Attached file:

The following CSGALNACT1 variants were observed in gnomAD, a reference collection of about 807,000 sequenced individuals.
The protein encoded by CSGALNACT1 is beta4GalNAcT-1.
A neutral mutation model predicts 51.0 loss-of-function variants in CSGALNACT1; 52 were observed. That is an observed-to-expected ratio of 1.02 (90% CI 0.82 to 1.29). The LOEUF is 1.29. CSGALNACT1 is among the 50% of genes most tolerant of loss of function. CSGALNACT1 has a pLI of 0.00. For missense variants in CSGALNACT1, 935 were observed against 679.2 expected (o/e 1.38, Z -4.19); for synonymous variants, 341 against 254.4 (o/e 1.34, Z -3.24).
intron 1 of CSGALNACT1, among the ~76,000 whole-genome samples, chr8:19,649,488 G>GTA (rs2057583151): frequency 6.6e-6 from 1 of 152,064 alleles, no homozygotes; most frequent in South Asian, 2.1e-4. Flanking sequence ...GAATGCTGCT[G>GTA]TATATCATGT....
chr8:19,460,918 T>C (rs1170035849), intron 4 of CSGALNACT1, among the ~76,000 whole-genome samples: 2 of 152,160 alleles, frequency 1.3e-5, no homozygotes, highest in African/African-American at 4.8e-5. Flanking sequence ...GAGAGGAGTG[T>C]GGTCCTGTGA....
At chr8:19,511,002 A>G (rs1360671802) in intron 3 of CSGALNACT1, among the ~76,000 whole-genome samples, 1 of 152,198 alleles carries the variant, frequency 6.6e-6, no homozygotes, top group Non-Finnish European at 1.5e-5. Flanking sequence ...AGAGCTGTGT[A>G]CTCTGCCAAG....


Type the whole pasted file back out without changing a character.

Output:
The following CSGALNACT1 variants were observed in gnomAD, a reference collection of about 807,000 sequenced individuals.
The protein encoded by CSGALNACT1 is beta4GalNAcT-1.
A neutral mutation model predicts 51.0 loss-of-function variants in CSGALNACT1; 52 were observed. That is an observed-to-expected ratio of 1.02 (90% CI 0.82 to 1.29). The LOEUF is 1.29. CSGALNACT1 is among the 50% of genes most tolerant of loss of function. CSGALNACT1 has a pLI of 0.00. For missense variants in CSGALNACT1, 935 were observed against 679.2 expected (o/e 1.38, Z -4.19); for synonymous variants, 341 against 254.4 (o/e 1.34, Z -3.24).
intron 1 of CSGALNACT1, among the ~76,000 whole-genome samples, chr8:19,649,488 G>GTA (rs2057583151): frequency 6.6e-6 from 1 of 152,064 alleles, no homozygotes; most frequent in South Asian, 2.1e-4. Flanking sequence ...GAATGCTGCT[G>GTA]TATATCATGT....
chr8:19,460,918 T>C (rs1170035849), intron 4 of CSGALNACT1, among the ~76,000 whole-genome samples: 2 of 152,160 alleles, frequency 1.3e-5, no homozygotes, highest in African/African-American at 4.8e-5. Flanking sequence ...GAGAGGAGTG[T>C]GGTCCTGTGA....
At chr8:19,511,002 A>G (rs1360671802) in intron 3 of CSGALNACT1, among the ~76,000 whole-genome samples, 1 of 152,198 alleles carries the variant, frequency 6.6e-6, no homozygotes, top group Non-Finnish European at 1.5e-5. Flanking sequence ...AGAGCTGTGT[A>G]CTCTGCCAAG....